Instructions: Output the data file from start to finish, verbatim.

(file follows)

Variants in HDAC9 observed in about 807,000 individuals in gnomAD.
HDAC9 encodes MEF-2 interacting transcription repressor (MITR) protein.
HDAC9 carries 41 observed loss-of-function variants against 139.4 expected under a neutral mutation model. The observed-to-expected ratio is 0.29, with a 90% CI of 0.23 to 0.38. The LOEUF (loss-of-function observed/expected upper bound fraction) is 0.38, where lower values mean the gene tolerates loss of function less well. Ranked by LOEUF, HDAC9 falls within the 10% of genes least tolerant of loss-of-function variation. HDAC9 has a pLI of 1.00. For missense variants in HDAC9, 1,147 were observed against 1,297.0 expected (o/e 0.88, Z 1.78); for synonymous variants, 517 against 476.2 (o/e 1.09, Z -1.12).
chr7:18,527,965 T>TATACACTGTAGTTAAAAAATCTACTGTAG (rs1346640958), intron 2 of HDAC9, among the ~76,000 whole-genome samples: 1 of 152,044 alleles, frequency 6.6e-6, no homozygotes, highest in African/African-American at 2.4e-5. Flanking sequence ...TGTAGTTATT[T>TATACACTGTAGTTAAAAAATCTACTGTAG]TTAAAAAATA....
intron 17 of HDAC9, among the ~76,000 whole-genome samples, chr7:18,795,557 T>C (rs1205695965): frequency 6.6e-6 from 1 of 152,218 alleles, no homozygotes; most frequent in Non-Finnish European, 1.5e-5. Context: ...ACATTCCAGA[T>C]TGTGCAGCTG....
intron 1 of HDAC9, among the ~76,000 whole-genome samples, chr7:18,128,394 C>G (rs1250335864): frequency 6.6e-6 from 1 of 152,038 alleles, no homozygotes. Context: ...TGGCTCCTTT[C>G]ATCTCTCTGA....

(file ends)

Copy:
Variants in HDAC9 observed in about 807,000 individuals in gnomAD.
HDAC9 encodes MEF-2 interacting transcription repressor (MITR) protein.
HDAC9 carries 41 observed loss-of-function variants against 139.4 expected under a neutral mutation model. The observed-to-expected ratio is 0.29, with a 90% CI of 0.23 to 0.38. The LOEUF (loss-of-function observed/expected upper bound fraction) is 0.38, where lower values mean the gene tolerates loss of function less well. Ranked by LOEUF, HDAC9 falls within the 10% of genes least tolerant of loss-of-function variation. HDAC9 has a pLI of 1.00. For missense variants in HDAC9, 1,147 were observed against 1,297.0 expected (o/e 0.88, Z 1.78); for synonymous variants, 517 against 476.2 (o/e 1.09, Z -1.12).
chr7:18,527,965 T>TATACACTGTAGTTAAAAAATCTACTGTAG (rs1346640958), intron 2 of HDAC9, among the ~76,000 whole-genome samples: 1 of 152,044 alleles, frequency 6.6e-6, no homozygotes, highest in African/African-American at 2.4e-5. Flanking sequence ...TGTAGTTATT[T>TATACACTGTAGTTAAAAAATCTACTGTAG]TTAAAAAATA....
intron 17 of HDAC9, among the ~76,000 whole-genome samples, chr7:18,795,557 T>C (rs1205695965): frequency 6.6e-6 from 1 of 152,218 alleles, no homozygotes; most frequent in Non-Finnish European, 1.5e-5. Context: ...ACATTCCAGA[T>C]TGTGCAGCTG....
intron 1 of HDAC9, among the ~76,000 whole-genome samples, chr7:18,128,394 C>G (rs1250335864): frequency 6.6e-6 from 1 of 152,038 alleles, no homozygotes. Context: ...TGGCTCCTTT[C>G]ATCTCTCTGA....